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This new photo of a supermassive black hole is unlike any before, showing powerful magnetic fields spiraling around it

Morgan McFall-Johnsen   

This new photo of a supermassive black hole is unlike any before, showing powerful magnetic fields spiraling around it

The supermassive black hole at the heart of our galaxy has a side you've never seen before.

A new image shows powerful magnetic fields swirling around our hometown black hole called Sagittarius A*, pronounced "A-star."

The image is the latest innovation of a groundbreaking scientific collaboration called the Event Horizon Telescope, or EHT, which rallied telescopes across the planet to focus on one black hole together, effectively creating an observatory as big as Earth.

Five years ago, the EHT released the first-ever photo of a supermassive black hole, a feat thought to be impossible for decades because black holes are objects so dense that not even light can escape them, making them invisible.

But the disc of ultra-hot material circling a black hole, which you can see in the image below of a supermassive black hole at the center of a galaxy called Messier 87, is visible.

Not long after that, Sagittarius A* got its moment in the limelight.

Sagittarius A*'s 2022 portrait, below, looked quite similar to Messier 87's, even though Sagittarius A* is about 1,000 times smaller than Messier 87's black hole.

But the new image released on Wednesday is different. It shows our galaxy's black hole in polarized light, which occurs when light waves oscillate in a preferred direction.

The new view below reveals a clear polarization pattern in the particles circling the black hole — which means powerful magnetic fields spiraling around the edge of Sagittarius A* affect them.

"What we're seeing now is that there are strong, twisted, and organized magnetic fields near the black hole at the center of the Milky Way galaxy," Sara Issaoun, an astrophysicist at the Harvard and Smithsonian Center for Astrophysics and the co-lead of the project, said in a press release.

A clue about the secret structure of supermassive black holes

Sagittarius A* is about 27,000 light-years away from Earth, so this image represents a very tiny point in the sky.

"This appears the same size in the sky as a donut on the moon," Issaoun said at a press conference presenting the first image of it in 2022.

But the discovery of the magnetic-field lines offers a major clue about the behavior of supermassive black holes across the universe and how they eat the material surrounding them.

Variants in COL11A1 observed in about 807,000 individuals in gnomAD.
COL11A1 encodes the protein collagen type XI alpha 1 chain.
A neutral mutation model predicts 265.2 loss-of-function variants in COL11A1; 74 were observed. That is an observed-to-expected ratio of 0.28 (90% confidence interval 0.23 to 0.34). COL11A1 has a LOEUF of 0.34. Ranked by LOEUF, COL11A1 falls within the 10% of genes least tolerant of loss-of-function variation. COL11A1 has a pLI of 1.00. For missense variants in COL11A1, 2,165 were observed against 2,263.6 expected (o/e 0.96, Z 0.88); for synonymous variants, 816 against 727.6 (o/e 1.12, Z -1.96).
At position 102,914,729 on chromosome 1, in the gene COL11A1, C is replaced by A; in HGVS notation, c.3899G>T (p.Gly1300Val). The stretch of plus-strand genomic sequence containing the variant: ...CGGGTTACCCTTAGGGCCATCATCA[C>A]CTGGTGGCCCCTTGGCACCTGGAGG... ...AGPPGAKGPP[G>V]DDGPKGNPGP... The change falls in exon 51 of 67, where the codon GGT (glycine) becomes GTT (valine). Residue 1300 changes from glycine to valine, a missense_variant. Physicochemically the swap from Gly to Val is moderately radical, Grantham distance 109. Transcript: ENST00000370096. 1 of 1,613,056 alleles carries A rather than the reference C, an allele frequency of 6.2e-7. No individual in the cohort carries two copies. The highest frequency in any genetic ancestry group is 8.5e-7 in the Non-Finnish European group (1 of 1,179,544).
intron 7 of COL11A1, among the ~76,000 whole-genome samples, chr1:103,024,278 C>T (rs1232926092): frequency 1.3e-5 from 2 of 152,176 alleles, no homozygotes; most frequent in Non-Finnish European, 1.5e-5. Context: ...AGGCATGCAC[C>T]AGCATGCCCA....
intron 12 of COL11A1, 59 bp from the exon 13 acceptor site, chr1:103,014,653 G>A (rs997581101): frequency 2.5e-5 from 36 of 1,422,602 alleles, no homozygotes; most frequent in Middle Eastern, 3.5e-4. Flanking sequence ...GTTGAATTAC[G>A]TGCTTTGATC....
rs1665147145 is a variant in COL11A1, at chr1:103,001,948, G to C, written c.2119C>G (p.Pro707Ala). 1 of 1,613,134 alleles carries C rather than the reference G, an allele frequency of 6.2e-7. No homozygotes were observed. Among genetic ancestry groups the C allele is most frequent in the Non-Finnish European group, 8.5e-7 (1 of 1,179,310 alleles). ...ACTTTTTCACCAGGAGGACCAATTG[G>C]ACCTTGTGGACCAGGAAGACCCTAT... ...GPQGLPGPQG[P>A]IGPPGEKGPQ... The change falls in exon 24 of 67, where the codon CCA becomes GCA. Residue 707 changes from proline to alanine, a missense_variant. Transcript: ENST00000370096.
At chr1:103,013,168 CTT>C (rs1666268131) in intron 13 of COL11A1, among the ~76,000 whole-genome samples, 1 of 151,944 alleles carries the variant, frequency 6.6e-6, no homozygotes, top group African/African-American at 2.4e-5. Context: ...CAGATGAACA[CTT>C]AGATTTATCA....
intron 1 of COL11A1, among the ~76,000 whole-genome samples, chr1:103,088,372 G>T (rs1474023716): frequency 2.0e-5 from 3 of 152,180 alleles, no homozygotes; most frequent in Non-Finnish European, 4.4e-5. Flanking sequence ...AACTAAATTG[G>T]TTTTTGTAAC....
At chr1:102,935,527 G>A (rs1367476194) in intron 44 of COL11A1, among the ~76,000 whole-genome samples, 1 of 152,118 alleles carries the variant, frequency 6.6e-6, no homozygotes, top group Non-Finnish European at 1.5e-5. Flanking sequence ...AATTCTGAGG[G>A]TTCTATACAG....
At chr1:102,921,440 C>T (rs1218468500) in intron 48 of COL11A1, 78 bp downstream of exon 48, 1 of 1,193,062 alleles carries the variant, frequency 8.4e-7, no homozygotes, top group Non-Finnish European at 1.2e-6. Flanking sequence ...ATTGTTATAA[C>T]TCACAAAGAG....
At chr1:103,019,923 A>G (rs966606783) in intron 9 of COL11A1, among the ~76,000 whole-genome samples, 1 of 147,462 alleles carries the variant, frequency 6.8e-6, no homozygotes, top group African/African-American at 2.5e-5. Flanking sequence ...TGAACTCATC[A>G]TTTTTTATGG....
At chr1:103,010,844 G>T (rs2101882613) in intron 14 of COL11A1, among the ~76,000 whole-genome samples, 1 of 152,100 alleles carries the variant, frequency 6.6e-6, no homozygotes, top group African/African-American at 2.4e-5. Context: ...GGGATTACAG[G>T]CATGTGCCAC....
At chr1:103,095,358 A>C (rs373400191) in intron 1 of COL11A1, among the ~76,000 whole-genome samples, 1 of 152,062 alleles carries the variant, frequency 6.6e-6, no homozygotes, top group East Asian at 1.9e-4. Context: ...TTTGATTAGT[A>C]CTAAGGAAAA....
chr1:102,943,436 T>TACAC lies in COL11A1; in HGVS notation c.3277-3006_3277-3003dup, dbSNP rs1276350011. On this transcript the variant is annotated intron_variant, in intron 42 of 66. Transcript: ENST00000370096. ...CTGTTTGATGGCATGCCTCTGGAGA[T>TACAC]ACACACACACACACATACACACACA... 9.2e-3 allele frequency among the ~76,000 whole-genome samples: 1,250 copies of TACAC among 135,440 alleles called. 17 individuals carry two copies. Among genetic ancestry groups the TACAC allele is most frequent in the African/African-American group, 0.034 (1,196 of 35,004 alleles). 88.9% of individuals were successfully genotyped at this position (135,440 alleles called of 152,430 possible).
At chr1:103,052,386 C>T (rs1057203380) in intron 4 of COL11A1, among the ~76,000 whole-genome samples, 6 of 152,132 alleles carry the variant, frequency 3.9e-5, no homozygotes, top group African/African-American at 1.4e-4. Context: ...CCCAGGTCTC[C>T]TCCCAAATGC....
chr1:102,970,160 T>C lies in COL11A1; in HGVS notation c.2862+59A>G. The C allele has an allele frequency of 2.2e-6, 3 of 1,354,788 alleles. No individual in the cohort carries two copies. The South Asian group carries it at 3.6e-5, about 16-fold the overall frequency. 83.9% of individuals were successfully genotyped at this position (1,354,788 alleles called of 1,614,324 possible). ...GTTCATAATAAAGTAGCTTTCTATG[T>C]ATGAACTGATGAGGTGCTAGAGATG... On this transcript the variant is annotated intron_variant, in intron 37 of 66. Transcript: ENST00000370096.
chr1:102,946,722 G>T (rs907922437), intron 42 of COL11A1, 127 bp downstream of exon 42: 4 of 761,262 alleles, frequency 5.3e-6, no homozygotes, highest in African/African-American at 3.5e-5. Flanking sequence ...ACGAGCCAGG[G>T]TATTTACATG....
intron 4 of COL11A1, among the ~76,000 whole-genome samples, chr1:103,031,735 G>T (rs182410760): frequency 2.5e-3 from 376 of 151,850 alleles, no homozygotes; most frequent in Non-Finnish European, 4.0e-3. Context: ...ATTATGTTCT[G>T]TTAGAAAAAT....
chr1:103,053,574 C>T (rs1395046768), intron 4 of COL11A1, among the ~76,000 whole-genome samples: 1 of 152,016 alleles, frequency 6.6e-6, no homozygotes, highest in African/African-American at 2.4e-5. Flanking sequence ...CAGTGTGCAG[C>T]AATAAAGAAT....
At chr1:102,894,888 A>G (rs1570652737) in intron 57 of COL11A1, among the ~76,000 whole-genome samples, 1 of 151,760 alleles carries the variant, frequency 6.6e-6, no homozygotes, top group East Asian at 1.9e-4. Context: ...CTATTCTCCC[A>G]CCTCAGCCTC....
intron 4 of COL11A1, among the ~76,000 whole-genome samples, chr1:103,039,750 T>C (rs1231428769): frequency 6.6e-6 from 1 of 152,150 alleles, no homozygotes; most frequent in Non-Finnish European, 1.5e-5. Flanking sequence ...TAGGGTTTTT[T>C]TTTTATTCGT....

The EHT had previously imaged its first black hole, Messier 87, in polarized light, though it doesn't look quite as striking.

Since both black holes have similar magnetic-field structures despite their immense size difference, the EHT scientists now suspect that all supermassive black holes might have magnetic structures like this.

"We've learned that strong and ordered magnetic fields are critical to how black holes interact with the gas and matter around them," Issaoun said.

The discovery also suggests that, like Messier 87, Sagittarius A* could have a jet of radiation and high-speed particles shooting out of the black hole. We just can't see it yet.

The telescope observations that led to this new image took place in 2017, but the EHT is poised to cast its gaze at Sagittarius A* again in April.

Issaoun and her collaborators published their findings in two papers in The Astrophysical Journal Letters on Wednesday.

Bigger black-hole breakthroughs may be in store

Further imaging with new innovative techniques and technologies could reveal even more secrets of supermassive black holes, both big and small.

The EHT aims to capture video of our galaxy's black hole, possibly by the end of the decade, Michael Johnson, an astrophysicist on the project, told Business Insider at a meeting of the American Astronomical Society in January.

"We think we're just scratching the surface of what can be done," Johnson said in a presentation at that meeting. "Even more exciting science is yet to come."

To that end, the EHT recently added a telescope in Greenland to its worldwide array.

Incorporating satellites into that array, thereby expanding the EHT observatory into space, could allow scientists to study dozens of black holes instead of just two. Johnson said that's likely to happen within a decade.

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